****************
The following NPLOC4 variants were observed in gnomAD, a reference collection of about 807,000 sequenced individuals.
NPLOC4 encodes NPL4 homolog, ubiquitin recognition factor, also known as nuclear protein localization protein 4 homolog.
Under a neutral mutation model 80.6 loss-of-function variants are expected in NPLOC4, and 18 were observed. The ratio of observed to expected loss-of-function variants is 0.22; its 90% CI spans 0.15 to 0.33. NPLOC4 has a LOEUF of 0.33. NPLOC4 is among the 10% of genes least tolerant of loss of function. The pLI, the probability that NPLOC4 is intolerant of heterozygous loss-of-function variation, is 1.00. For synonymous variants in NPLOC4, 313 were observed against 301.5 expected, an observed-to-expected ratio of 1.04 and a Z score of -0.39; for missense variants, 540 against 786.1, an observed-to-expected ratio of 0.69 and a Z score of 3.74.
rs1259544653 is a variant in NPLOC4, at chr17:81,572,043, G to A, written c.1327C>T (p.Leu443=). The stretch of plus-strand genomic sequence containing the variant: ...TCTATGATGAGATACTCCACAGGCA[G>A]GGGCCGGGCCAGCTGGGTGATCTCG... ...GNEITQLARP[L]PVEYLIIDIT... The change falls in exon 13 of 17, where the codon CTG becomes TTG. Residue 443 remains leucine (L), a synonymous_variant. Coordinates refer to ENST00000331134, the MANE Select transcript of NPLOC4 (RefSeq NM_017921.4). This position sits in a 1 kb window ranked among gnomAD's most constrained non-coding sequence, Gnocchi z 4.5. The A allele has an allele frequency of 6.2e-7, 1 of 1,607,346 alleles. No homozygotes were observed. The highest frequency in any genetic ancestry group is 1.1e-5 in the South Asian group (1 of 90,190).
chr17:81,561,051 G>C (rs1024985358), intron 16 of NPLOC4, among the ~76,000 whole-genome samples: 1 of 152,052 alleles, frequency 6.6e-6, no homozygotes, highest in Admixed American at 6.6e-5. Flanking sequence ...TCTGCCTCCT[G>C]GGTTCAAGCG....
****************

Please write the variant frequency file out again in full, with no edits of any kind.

The following NPLOC4 variants were observed in gnomAD, a reference collection of about 807,000 sequenced individuals.
NPLOC4 encodes NPL4 homolog, ubiquitin recognition factor, also known as nuclear protein localization protein 4 homolog.
Under a neutral mutation model 80.6 loss-of-function variants are expected in NPLOC4, and 18 were observed. The ratio of observed to expected loss-of-function variants is 0.22; its 90% CI spans 0.15 to 0.33. NPLOC4 has a LOEUF of 0.33. NPLOC4 is among the 10% of genes least tolerant of loss of function. The pLI, the probability that NPLOC4 is intolerant of heterozygous loss-of-function variation, is 1.00. For synonymous variants in NPLOC4, 313 were observed against 301.5 expected, an observed-to-expected ratio of 1.04 and a Z score of -0.39; for missense variants, 540 against 786.1, an observed-to-expected ratio of 0.69 and a Z score of 3.74.
rs1259544653 is a variant in NPLOC4, at chr17:81,572,043, G to A, written c.1327C>T (p.Leu443=). The stretch of plus-strand genomic sequence containing the variant: ...TCTATGATGAGATACTCCACAGGCA[G>A]GGGCCGGGCCAGCTGGGTGATCTCG... ...GNEITQLARP[L]PVEYLIIDIT... The change falls in exon 13 of 17, where the codon CTG becomes TTG. Residue 443 remains leucine (L), a synonymous_variant. Coordinates refer to ENST00000331134, the MANE Select transcript of NPLOC4 (RefSeq NM_017921.4). This position sits in a 1 kb window ranked among gnomAD's most constrained non-coding sequence, Gnocchi z 4.5. The A allele has an allele frequency of 6.2e-7, 1 of 1,607,346 alleles. No homozygotes were observed. The highest frequency in any genetic ancestry group is 1.1e-5 in the South Asian group (1 of 90,190).
chr17:81,561,051 G>C (rs1024985358), intron 16 of NPLOC4, among the ~76,000 whole-genome samples: 1 of 152,052 alleles, frequency 6.6e-6, no homozygotes, highest in Admixed American at 6.6e-5. Flanking sequence ...TCTGCCTCCT[G>C]GGTTCAAGCG....